The relationship between food and waste is often thought of only in terms of hunger or as a “First World” consumption issue. And while it may be compassionate to focus on starving children in Africa or entire populations ravaged by drought and war, these are not the only victims of food waste.
Every time food is thrown away or spoiled, the hard work and investment that have gone into producing it go down the drain as well.
In Africa, small-holder farmers account for 70 percent of the food produced. Yet post-harvest losses can be as high as 40 percent, taking into account the produce lost in storage and during transportation, handling and processing. When you bear in mind that these farmers are often battling erratic weather conditions and infertile soil, the impact of losing half of their total produce is significant. It is no wonder then that many are abandoning their farms and moving to cities. But these farmers have a crucial role to play in providing a steady food supply in some of the most food-scarce regions of the world.
My first glimpse of Africa came during a childhood trip to the Democratic Republic of the Congo to visit my aunt who carried out research there and subsequently set up her own nongovernmental organization focused on landmines. This initial trip inspired me to look beyond what is immediately available and find solutions for age-old problems. When researching the food storage tent, I travelled to Ethiopia, where it soon became clear that there was no cheap or easy solution to minimize post-harvest losses. However, a little research showed that by regulating humidity, food could be preserved for much longer than had previously been possible. This would help increase the efficiency of small-holder farmers, ensuring that their produce reached those in need and that they can run a viable business.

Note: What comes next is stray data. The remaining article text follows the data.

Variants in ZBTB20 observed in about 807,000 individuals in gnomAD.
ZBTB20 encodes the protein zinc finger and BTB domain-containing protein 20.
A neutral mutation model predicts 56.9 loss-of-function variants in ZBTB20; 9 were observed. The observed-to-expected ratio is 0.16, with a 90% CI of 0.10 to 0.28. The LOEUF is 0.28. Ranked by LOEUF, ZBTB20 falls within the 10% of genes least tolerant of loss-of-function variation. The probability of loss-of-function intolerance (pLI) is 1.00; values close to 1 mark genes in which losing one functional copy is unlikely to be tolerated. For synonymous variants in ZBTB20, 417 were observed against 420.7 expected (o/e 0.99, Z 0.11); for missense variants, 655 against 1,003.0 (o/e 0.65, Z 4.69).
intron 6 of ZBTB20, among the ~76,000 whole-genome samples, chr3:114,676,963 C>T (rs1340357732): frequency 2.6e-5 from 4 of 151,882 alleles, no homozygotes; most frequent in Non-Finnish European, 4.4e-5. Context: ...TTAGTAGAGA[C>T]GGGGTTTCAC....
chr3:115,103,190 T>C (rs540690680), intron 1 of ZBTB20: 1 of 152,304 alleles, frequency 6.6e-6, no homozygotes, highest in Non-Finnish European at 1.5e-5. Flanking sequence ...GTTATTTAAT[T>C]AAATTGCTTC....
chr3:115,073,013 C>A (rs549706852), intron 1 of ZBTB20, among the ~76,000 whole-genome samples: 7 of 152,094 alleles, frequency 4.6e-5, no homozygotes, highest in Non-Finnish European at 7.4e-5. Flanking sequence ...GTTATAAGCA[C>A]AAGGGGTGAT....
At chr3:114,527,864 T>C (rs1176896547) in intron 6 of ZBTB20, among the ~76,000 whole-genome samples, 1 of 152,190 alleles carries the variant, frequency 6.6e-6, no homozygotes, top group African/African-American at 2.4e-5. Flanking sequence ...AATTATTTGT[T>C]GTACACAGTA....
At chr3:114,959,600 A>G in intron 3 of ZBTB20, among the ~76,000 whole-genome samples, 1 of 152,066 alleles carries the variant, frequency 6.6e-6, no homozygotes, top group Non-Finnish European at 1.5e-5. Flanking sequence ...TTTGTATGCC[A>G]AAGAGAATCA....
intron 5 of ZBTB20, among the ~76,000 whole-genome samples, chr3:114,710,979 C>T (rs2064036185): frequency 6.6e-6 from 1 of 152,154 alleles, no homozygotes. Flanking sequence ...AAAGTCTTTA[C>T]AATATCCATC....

Rather than altering production methods to produce more food, improving farming efficiency is a more well-rounded approach to ensuring food security.
Innovation is not always about finding the best new technology. It’s also about understanding how current practices can be adapted to current needs and processes with minimal interference. That’s why we based our solution on existing technology, which consists of a simple tent and a solar-powered ventilator which sterilizes fruits and vegetables in its own microclimate. We have already tested it on a range of fruits and vegetables and in several on-site studies, including in North and East Africa. The visual results are obvious after just one day; fruits that have been in the tent stay fresh up to eight times longer than fruits that haven’t.
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It seems illogical for there to be such a huge divide between those who have food and those who don’t, as though food security were a zero-sum game. Yet tipping the balance is possible. With the right infrastructure in place to ensure crops get to market and food wastage decreases, the simple economics of supply and demand should do the rest. Farmers will stay in business, supply chains will be recharged by the extra produce and the final crop will become cheaper for those currently scrimping and saving to buy their next meal.
Ensuring food security for all seems a daunting task. But, to paraphrase the Chinese sage Lao Tzu, a journey of 1,000 miles must contain many single steps. By understanding and tackling the individual factors that contribute to food waste, we can move some way along the path to making sure small farming is an economically viable option for individual farmers feeding their families, and the wider world, at a reasonable price.
Feeding Development is an online conversation hosted by Devex in partnership with ACDI/VOCA, Chemonics, Fintrac, GAIN, Nestlé and Tetra Tech to reimagine solutions for a food-secure future from seed and soil to a healthy meal.